Co-hosting is a huge part of hosting. To paraphrase the old kindergarten teacher’s maxim, you have to be able to play in the sandbox and well with others on screen. It’s actually a little more challenging than it may sound. Below are some techniques to help you really shine as a co-host, both while being tested for the job and after you nail the audition and are sitting in the co-host’s chair.
ACKNOWLEDGE YOUR CO-HOST: If you have the first line, it is your duty to ac- knowledge your co-host within the first five seconds of starting the spot. Even if it’s not written into the script, you need to look over and make clear to the viewer that you and your co-host are a happy, well-oiled team. Think of this as a three-way conversation between you, your co-host, and the viewer. It is rude not to introduce us to the other person in the conversation right away. You wouldn’t do it if you were co-hosting a party, right? So don’t do it when you’re co-hosting a show!
PROXIMITY: When you are co-hosting and standing up, you should be close enough that you are almost, but not quite, touching your co-host or guest. This may feel weird at first. After all, having a few feet in between you and the person you’re talking to is normal in real life, but those few feet look like miles on camera. Also, try to stay flat to camera, not too angled to each other. If you are seated, make sure to be pretty close as well, with a slight (about 10-to-15-degree) angle toward each other.
USING YOUR HANDS: If you are auditioning, you might be holding a script, and if you’re on location shooting, you might be holding a mic. Regardless, try to hold your prop, script, notes, or mic with the hand that is closer to your co-host so you have your other hand free to emote and gesture without having to worry about hitting your co-host.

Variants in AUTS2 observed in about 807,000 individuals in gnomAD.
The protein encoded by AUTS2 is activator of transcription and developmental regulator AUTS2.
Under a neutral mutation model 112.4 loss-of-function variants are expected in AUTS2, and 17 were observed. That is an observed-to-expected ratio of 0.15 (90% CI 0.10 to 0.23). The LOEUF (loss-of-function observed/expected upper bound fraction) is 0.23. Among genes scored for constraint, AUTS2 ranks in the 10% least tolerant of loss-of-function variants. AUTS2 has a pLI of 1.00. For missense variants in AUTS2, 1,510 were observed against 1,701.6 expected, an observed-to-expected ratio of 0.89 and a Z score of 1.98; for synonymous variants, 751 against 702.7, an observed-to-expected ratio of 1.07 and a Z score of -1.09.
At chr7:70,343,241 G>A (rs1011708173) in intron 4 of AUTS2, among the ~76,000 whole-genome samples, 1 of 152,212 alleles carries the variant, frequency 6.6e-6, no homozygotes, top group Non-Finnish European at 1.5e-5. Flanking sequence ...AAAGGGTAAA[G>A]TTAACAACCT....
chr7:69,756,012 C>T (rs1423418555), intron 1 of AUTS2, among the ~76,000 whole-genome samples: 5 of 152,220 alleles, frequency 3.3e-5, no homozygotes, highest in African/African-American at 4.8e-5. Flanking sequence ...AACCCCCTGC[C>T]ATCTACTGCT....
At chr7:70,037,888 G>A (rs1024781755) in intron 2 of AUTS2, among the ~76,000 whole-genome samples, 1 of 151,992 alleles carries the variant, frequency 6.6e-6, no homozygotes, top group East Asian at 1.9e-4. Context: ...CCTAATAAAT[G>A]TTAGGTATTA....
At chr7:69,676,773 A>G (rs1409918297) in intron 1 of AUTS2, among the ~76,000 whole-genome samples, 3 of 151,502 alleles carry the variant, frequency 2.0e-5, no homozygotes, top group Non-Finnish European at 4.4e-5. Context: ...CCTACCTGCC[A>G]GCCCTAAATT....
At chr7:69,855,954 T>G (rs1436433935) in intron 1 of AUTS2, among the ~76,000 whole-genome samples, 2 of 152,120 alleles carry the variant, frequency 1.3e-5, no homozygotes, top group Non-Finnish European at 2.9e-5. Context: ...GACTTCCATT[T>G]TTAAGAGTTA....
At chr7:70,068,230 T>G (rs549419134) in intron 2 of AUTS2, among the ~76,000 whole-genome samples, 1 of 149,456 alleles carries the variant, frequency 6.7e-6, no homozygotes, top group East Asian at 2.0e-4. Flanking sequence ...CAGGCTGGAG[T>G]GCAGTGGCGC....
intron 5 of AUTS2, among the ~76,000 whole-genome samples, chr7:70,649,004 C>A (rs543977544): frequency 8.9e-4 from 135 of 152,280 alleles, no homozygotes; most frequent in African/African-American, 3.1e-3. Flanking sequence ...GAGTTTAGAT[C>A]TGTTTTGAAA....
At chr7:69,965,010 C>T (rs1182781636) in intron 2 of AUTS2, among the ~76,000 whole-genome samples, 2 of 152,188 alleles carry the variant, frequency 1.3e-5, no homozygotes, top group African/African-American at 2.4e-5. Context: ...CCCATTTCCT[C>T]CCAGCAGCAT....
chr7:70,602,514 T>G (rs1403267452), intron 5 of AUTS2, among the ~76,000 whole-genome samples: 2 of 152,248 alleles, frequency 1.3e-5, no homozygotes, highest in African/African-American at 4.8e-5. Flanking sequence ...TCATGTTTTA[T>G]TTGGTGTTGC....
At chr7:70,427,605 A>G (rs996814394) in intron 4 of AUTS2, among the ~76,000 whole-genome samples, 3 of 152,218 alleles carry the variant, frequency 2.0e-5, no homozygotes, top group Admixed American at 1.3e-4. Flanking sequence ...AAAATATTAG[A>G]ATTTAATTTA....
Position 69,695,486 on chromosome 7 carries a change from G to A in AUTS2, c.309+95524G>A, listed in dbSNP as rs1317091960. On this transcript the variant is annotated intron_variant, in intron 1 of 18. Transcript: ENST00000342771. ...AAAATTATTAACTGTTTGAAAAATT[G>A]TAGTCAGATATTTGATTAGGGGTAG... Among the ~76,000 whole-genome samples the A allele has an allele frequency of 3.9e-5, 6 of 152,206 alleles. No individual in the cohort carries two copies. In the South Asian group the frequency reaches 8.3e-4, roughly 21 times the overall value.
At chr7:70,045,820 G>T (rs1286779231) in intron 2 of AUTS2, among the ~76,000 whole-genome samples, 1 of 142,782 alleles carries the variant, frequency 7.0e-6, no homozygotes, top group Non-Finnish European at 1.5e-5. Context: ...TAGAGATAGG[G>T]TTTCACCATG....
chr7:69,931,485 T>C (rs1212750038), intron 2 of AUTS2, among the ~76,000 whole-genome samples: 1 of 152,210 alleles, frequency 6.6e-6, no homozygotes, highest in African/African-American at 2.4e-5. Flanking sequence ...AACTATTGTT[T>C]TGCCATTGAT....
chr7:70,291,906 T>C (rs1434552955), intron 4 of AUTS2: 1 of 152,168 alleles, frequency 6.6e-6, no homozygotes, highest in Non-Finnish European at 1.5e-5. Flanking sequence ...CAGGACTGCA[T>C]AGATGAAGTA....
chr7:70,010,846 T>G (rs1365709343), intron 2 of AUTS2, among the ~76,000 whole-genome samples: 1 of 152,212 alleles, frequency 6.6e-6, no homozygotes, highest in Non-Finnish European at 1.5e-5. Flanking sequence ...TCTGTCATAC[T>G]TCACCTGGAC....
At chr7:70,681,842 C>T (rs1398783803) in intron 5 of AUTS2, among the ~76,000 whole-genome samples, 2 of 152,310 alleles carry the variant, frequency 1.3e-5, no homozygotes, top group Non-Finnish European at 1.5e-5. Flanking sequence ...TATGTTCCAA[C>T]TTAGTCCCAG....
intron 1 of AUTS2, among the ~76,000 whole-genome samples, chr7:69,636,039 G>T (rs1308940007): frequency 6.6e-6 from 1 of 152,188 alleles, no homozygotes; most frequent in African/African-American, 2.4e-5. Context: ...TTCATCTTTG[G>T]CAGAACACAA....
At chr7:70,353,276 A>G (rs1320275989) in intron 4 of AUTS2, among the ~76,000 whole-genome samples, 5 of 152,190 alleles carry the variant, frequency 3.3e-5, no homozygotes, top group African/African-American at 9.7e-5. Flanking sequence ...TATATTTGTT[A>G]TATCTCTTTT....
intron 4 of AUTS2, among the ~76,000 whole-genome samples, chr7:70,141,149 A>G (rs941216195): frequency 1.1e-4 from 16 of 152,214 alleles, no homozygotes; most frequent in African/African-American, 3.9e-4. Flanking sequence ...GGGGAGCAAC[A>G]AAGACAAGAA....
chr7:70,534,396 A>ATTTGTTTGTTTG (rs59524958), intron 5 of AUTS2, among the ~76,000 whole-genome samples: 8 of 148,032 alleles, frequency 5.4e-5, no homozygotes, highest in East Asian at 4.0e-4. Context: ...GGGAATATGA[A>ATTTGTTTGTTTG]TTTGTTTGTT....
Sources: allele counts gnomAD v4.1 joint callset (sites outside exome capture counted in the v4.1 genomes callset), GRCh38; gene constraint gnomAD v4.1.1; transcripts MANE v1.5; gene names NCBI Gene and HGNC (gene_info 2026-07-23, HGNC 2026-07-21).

STAY OUT OF PROFILE: In life, we turn and face the person we are talking to, right? Well, this is not the case in co-hosting. If you did this, you’d spend your whole performance showing the camera and viewer only half of your face (your profile). In co-hosting, you need to stay flat to camera and just do a slight face tilt and look at your co-host mostly with your eyes. It can feel unnatural at first, but it’s technically the best way to handle co-hosting. Again, I’m not suggesting you try this technique in life, unless you’re trying to freak out your friends. But the camera, and your producers, will love it!
CREATING RELATIONSHIP: One of the main goals of co-hosting is to make it look like you and your co-host have been working together for years. If the two of you are just meeting at a test or audition, ask five or ten personal questions about your co-host’s life, upbringing, family, hobbies, etc. to accelerate the process of getting to know the person better. Someone with any experience at all should do the same with you. Even if none of this comes up in the actual read, it will register in the body language between you two that you are not strangers.